Serte Donderwinkel

I am an assistant professor (with a tenure track) in probability theory at the University of Groningen. I am also affiliated with the interdisciplinary centre CogniGron of mathematicians, statisticians, computer scientists and material engineers that aim to improve learning-based cognitive computing with materials-centred systems. 

 Before that, I was a postdoctoral researcher at McGill University in the research group of Prof. Louigi Addario-Berry, where I was funded by a CRM-ISM Postdoctoral Fellowship. I completed my PhD at the University of Oxford under the supervision of Prof. Christina Goldschmidt, where I was also a Stipendiary Lecturer at St. Hugh's College. 

My research is in discrete probability. The common denominator of my projects is that they involve creative sampling procedures that, combined with tools from (stochastic) analysis, allow me to study the large-scale structure of the random tree or graph. Whether I am obtaining a large deviations principle, solving a counting problem with the probabilistic method or proving a metric space scaling limit, I always devote most attention to finding a smart way of sampling that unlocks the result that I am after. This approach has allowed my coauthors and I to answer questions in both discrete probability and probabilistic combinatorics, asked by for example Svante Janson, Alex Scott, Colin McDiarmid, Gordon Royle and Paul Erdős.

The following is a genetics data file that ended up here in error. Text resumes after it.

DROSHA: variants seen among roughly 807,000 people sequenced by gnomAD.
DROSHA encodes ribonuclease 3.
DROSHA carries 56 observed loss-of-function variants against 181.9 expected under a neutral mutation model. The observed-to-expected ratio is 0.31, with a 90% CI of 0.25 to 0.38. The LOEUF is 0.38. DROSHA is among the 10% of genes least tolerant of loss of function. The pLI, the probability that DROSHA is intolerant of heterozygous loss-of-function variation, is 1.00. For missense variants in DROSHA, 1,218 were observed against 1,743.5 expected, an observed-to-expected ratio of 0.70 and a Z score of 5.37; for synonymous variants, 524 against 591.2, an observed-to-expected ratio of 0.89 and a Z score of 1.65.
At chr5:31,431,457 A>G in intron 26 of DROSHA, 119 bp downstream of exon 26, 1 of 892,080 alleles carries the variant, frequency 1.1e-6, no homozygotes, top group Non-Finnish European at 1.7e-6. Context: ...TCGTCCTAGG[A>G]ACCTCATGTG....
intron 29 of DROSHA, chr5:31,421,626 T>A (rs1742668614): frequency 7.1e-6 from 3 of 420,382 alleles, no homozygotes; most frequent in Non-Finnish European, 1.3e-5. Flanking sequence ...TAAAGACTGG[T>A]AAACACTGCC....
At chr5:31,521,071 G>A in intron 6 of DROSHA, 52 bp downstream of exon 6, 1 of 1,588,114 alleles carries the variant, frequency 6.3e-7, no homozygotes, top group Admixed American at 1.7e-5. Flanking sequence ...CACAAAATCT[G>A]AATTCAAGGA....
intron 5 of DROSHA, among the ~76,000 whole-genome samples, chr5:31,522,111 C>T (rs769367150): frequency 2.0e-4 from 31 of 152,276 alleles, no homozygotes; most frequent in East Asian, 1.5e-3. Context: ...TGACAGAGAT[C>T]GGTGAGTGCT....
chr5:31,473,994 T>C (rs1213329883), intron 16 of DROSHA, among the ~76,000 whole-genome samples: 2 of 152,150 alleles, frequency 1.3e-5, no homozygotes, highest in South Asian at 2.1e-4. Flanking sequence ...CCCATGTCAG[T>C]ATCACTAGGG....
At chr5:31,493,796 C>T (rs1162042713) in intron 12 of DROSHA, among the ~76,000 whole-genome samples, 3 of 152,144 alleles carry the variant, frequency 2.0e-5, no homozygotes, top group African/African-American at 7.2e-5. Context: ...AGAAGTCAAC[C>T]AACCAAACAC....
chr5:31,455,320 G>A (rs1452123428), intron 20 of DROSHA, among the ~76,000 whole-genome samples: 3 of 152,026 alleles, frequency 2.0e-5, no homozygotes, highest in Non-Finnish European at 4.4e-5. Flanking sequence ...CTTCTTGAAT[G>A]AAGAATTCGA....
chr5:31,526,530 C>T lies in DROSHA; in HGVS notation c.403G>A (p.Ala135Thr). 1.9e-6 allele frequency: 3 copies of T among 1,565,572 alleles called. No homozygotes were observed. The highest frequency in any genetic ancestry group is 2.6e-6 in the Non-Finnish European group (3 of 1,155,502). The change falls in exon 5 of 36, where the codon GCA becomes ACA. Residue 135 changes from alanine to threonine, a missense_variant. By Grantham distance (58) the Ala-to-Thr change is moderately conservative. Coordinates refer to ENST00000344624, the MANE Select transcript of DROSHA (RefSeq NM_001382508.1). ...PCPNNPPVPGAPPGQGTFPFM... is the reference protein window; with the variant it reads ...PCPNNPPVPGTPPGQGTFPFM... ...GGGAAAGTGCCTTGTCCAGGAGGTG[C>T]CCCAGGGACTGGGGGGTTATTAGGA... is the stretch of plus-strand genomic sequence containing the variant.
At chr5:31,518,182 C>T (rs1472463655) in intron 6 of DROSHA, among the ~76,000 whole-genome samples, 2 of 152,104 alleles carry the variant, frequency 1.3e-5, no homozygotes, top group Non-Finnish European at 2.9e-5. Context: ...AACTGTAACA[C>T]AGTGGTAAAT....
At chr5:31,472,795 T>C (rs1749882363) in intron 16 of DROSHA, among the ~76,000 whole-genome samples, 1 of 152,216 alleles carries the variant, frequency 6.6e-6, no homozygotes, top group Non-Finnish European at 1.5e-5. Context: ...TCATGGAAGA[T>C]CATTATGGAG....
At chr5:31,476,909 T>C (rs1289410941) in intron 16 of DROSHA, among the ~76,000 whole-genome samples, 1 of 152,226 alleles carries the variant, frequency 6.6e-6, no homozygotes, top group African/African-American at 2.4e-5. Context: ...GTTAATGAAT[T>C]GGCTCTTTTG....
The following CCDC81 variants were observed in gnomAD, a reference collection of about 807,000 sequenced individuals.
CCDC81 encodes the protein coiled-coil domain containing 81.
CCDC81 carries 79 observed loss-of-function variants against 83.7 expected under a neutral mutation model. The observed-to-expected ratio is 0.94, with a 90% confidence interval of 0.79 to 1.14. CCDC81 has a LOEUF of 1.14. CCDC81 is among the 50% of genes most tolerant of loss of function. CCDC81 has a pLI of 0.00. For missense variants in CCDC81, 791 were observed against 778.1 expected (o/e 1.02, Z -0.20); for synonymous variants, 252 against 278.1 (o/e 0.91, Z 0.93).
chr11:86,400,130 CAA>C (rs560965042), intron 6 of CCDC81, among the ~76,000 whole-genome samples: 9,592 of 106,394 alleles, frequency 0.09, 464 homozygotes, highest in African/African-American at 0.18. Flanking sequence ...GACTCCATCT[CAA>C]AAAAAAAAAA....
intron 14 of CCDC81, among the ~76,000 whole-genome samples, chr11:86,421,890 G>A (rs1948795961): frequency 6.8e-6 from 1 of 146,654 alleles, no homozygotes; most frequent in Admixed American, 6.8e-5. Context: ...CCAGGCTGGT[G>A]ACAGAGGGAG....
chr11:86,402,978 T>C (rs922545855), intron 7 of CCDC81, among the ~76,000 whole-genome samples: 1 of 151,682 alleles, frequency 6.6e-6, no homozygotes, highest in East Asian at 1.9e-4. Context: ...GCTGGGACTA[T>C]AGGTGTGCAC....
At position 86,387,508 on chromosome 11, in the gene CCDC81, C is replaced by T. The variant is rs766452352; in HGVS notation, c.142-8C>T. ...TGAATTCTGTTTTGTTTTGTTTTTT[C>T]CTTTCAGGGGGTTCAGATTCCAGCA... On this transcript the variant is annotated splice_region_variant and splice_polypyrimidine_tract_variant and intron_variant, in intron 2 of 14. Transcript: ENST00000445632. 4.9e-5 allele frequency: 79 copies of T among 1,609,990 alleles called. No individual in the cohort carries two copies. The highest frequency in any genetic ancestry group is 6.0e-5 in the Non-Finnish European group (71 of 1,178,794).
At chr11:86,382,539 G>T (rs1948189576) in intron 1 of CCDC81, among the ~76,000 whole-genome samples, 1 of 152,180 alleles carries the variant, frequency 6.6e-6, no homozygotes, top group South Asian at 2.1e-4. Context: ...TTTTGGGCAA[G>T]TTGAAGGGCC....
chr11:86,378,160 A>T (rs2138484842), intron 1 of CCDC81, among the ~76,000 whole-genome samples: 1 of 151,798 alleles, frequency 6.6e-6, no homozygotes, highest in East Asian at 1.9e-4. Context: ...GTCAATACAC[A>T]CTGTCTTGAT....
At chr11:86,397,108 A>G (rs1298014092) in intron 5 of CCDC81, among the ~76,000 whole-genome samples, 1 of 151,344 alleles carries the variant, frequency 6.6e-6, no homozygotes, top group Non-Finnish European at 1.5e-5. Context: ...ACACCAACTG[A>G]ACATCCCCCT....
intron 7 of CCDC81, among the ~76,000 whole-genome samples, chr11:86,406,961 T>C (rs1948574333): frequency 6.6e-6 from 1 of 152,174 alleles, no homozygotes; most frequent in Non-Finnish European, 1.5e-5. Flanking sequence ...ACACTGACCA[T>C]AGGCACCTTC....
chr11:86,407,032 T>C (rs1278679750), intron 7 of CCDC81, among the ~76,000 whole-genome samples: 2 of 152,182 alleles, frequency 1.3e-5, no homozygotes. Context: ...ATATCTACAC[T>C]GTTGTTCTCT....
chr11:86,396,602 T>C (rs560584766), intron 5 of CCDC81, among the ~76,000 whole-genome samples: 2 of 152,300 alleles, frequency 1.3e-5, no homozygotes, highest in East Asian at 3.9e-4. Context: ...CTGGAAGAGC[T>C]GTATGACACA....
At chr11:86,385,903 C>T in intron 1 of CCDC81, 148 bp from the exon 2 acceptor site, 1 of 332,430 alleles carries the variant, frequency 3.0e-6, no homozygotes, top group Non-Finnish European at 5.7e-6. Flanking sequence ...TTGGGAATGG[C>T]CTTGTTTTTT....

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You can find me in office 446 in the Bernoulliborg

PhD position

I will be recruiting a PhD student to start in 2024 or early 2025. Do you want to work on discrete probability and do you want to live in one of the best small cities in the world? Or do you know someone suitable? Don't hesitate to get in touch! More info on the job posting can be found here

You can also contact me if you would like to do a bachelor or master project on a topic related to discrete probability.


In term 2b I will be teaching the new graduate course Combinatorial Mathematics B. I will cover various models for random trees and graphs and I will discuss the probabilistic tools needed to study them. 


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